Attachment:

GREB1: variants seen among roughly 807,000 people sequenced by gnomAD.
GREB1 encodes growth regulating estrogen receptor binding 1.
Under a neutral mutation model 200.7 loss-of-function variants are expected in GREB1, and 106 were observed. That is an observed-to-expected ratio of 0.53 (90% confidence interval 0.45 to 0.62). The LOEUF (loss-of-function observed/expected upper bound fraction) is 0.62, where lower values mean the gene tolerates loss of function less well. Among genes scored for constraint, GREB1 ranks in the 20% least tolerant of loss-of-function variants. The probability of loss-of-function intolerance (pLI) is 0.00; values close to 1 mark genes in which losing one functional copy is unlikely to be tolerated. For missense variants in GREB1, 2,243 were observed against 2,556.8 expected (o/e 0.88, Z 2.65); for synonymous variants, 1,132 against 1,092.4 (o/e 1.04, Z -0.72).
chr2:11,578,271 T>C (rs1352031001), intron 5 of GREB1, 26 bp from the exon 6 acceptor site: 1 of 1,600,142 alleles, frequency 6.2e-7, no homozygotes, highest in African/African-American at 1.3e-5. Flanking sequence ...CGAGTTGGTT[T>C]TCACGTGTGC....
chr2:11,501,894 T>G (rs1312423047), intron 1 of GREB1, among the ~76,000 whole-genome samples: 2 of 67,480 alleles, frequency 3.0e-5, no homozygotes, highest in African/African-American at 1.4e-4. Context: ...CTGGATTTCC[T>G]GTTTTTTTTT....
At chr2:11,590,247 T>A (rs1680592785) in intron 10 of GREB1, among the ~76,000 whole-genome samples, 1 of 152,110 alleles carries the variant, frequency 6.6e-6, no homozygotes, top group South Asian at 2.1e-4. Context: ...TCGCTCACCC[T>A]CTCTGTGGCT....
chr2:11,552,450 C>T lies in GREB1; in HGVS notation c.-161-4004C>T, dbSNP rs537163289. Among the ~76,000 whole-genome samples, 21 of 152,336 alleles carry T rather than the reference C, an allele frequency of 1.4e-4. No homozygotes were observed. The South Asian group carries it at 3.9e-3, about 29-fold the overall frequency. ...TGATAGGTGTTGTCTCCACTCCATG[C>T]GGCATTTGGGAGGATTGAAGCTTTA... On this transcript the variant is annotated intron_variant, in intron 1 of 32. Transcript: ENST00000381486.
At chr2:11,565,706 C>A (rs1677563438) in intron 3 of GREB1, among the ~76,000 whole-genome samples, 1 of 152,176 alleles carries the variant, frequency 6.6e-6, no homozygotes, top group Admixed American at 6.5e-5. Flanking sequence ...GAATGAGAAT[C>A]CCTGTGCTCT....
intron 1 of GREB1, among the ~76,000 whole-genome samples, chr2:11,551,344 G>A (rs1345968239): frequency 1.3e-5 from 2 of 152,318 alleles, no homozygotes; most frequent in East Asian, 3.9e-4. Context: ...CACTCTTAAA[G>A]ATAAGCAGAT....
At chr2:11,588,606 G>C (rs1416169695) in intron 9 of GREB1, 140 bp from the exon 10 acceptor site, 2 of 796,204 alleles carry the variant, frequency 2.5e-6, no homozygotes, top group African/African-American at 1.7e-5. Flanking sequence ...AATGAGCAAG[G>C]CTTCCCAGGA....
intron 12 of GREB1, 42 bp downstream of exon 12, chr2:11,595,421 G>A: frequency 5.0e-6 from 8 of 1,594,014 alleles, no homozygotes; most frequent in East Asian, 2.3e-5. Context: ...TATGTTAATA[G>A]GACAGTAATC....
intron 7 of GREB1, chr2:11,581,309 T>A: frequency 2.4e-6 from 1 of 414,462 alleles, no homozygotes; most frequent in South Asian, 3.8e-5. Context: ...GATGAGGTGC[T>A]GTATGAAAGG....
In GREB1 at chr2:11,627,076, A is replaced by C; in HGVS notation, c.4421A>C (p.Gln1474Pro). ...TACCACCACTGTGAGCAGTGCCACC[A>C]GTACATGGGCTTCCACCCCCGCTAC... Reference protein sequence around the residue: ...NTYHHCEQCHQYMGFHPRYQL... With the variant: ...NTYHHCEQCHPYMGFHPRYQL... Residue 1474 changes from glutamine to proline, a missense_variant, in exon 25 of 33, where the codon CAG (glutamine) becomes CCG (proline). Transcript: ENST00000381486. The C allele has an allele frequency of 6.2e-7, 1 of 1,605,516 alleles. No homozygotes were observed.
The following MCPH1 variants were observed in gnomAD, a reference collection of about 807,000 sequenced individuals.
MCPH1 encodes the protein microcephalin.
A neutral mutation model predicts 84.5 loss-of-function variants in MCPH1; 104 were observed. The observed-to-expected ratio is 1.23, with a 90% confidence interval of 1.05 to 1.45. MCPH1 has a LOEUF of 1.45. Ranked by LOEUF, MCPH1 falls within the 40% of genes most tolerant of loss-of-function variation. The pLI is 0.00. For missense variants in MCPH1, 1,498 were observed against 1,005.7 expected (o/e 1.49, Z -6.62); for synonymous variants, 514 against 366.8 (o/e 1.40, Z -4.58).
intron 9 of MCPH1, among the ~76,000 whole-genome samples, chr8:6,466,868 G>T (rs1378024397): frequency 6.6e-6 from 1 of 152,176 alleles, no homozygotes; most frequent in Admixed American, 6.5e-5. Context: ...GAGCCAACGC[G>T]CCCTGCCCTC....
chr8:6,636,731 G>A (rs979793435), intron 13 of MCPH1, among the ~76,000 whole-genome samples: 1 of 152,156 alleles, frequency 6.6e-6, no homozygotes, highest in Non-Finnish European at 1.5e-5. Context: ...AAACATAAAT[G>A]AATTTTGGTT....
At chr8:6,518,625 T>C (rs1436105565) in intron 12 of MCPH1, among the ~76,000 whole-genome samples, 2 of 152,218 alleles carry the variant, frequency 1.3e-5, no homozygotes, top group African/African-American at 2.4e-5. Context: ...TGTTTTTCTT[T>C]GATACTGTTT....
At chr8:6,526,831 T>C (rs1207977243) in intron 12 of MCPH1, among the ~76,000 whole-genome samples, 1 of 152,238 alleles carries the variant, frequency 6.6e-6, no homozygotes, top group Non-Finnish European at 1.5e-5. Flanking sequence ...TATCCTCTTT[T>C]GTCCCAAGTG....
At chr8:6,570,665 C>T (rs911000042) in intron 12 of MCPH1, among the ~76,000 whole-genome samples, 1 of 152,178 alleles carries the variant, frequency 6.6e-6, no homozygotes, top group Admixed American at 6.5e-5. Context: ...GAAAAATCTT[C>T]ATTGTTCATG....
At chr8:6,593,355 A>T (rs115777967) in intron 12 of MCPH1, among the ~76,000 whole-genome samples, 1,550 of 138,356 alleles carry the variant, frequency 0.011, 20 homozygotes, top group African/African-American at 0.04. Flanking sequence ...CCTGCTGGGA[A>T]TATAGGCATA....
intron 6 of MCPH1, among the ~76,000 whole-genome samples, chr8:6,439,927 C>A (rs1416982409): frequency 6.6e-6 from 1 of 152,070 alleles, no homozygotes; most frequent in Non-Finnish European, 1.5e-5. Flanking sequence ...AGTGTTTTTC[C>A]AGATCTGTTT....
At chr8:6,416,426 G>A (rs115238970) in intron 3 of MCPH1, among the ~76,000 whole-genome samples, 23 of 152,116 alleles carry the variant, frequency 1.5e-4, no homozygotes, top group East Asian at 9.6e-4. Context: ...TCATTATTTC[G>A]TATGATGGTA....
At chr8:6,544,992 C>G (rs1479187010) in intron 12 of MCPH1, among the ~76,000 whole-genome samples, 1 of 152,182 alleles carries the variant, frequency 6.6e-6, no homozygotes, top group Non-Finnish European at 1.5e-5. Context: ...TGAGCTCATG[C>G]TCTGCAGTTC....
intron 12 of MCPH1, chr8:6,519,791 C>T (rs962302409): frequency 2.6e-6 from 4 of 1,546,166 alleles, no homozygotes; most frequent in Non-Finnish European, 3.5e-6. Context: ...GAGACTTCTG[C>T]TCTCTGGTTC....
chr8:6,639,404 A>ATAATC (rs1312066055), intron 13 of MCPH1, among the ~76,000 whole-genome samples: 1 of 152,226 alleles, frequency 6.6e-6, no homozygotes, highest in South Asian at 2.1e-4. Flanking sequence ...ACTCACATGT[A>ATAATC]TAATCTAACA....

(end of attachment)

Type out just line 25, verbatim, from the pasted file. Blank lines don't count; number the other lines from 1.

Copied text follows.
At chr8:6,544,992 C>G (rs1479187010) in intron 12 of MCPH1, among the ~76,000 whole-genome samples, 1 of 152,182 alleles carries the variant, frequency 6.6e-6, no homozygotes, top group Non-Finnish European at 1.5e-5. Context: ...TGAGCTCATG[C>G]TCTGCAGTTC....